Our projects are constantly evolving according to the needs on the ground at any given time. All the information displayed here will give you an overall feel for the project, but you should be prepared for any changes in the field when you travel. An evolving project means that we can constantly meet the needs and requirements of our partners, who dictate the work that we do. The way it should be.
If interested in a specific wildlife species, we also run a number of other programs out of this location:
So what does Life on the Project actually involve? See below for an idea of what to expect on a day to day basis…
Before getting fully involved in the inner workings of our research, you will undergo training that will cover how to carry out extensive radio tracking and monitoring of all the collared predators on the reserve, all while learning a variety of new skills, including mammal and bird identification, ecology and bush first aid. This training will allow you to effectively contribute to the overall program, as you get to know animals on the reserve individually and following their progress and monitor behavior.
A typical day involves spending time out in the reserve tracking the wildlife and conducting research from the game vehicles. This usually happens during the cooler weather at dawn and dusk when the wildlife is more active. Most of the research is on predators such as lions, leopards, cheetahs and hyena but we also monitor other wildlife, including elephants. There is a daily schedule and if not assisting on game drives then you may be working on data entry or helping with camp and cooking duties.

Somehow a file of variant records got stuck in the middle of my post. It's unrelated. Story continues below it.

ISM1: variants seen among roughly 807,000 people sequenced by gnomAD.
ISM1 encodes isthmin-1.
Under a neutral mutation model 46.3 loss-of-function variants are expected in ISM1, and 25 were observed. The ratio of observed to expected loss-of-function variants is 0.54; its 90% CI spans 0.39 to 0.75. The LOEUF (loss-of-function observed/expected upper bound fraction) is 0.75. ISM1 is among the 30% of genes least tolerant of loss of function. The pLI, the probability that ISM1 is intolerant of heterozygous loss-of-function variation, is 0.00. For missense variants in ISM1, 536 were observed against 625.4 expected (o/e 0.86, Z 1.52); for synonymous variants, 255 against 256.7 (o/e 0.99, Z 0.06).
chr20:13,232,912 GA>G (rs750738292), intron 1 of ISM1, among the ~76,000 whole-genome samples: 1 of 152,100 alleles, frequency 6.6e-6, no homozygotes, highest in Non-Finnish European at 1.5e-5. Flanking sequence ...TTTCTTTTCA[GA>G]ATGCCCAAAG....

We can spend up to 12 hours a day collecting data, so you should expect some long days. All this will do is develop a baseline and holistic understanding of all aspects of the bush.
Another aspect is our community work, where you will be expected to participate in educational days with local communities, highlighting the importance of conservation.
You will have opportunities to enjoy the surrounding areas and activities, including visits to local reptile parks and animal sanctuaries, as well as mountain trails.
Camp is basic but comfortable, the old fashioned African way. Situated deep within the game reserves, you will be in dormitory-style sleeping arrangements, with shared bathrooms, a kitchen and outdoor social areas.
As well as being prepared for changes in what is an evolving project, exact project details are also always subject to change due to weather conditions, time of year and game movements.
Overall, we have regular contact with our partners, the reserve managers and other members of the broader conservation and research community to determine our areas of focus.
A typical expedition may involve the detailed monitoring of predators (lion, leopard, cheetah, hyena); herbivore sex/age ratio and its effect on predator movement; elephant impact vegetation surveys to monitor impact on sensitive areas of the reserve; community projects that teach the importance of conservation.